We all generally value and respect the older people we love or know well. But our attitudes to other older people within the broader community can be different.
In many traditional societies, older people are respected as "elders". However, in other societies, older women and men may be less respected. The marginalization can be structural, for example enforced retirement ages, or informal, such as older people being viewed as less energetic and less valuable to a potential employer.
These attitudes are examples of "ageism" - the stereotyping of, and discrimination against, individuals or groups because of their age. Ageist attitudes can portray older people as frail, "past their sell-by date", unable to work, physically weak, mentally slow, disabled or helpless. Ageism serves as a social divider between young and old.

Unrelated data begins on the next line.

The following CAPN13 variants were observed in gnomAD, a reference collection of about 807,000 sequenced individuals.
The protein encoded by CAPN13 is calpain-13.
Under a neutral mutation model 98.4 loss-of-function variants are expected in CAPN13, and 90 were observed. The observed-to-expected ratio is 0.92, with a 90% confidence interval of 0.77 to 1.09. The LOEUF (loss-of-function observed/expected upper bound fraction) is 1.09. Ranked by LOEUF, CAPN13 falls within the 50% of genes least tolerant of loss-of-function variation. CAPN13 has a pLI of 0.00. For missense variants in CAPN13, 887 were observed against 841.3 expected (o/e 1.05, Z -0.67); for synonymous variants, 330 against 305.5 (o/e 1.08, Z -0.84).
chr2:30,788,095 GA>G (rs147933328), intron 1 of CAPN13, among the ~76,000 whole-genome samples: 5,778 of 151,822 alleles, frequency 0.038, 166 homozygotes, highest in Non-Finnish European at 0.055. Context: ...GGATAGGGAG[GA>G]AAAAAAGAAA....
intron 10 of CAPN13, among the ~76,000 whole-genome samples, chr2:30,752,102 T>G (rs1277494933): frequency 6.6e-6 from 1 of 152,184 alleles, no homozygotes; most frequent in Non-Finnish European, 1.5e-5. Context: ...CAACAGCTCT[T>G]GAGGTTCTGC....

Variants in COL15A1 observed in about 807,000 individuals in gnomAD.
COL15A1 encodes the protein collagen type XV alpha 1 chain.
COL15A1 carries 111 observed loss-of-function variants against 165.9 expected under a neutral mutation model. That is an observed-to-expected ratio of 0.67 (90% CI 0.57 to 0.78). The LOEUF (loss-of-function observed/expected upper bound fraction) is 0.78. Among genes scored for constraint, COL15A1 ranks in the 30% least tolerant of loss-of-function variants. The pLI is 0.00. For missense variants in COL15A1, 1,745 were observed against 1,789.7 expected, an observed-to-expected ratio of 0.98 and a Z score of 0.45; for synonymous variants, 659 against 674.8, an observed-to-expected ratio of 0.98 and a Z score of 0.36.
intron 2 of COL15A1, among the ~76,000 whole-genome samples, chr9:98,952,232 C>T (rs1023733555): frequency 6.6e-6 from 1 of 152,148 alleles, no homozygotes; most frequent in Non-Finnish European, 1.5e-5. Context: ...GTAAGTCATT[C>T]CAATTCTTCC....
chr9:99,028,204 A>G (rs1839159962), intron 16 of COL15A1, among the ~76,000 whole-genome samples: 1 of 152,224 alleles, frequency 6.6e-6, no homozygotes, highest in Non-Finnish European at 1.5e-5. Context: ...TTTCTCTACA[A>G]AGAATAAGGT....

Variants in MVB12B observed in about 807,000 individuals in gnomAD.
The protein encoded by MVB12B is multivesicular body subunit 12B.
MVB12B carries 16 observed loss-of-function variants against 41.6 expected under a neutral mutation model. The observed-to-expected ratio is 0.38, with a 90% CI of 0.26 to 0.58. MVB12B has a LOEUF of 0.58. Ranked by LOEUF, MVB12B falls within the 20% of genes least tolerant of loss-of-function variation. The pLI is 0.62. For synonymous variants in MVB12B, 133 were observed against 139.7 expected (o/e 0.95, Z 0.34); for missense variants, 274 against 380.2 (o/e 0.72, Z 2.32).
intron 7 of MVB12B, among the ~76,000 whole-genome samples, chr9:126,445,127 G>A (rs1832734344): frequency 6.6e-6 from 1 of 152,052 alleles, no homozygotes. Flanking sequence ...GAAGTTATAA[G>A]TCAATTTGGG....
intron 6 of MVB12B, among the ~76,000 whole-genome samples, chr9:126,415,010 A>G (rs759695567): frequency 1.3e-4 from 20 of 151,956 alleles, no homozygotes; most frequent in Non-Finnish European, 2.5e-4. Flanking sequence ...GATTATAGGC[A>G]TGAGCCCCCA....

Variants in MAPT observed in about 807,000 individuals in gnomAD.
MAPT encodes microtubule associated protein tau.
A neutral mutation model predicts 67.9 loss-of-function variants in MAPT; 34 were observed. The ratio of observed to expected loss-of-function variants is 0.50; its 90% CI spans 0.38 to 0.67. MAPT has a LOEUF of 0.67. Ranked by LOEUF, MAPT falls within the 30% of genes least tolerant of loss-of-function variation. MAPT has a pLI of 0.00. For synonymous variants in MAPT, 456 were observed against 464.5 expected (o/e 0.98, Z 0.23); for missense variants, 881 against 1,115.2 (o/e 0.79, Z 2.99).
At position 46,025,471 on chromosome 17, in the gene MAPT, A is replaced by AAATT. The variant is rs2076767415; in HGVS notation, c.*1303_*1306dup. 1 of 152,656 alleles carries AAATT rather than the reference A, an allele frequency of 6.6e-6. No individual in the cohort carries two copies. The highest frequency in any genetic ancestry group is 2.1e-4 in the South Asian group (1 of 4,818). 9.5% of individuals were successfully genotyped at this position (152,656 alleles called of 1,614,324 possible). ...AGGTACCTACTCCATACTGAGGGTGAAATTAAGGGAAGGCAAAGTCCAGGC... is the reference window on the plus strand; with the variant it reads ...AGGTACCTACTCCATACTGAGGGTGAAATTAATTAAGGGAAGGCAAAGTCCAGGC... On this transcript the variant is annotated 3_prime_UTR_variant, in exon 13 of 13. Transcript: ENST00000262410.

These stereotypes can prevent older men and women from fully participating in social, political, economic, cultural, spiritual, civic and other activities. Younger people may also influence these decisions in the attitudes they convey to older people, or even by building barriers to their participation.
Ageist stereotypes can also prevent us meeting the challenges of population ageing since they can prevent us asking the right questions or finding innovative solutions.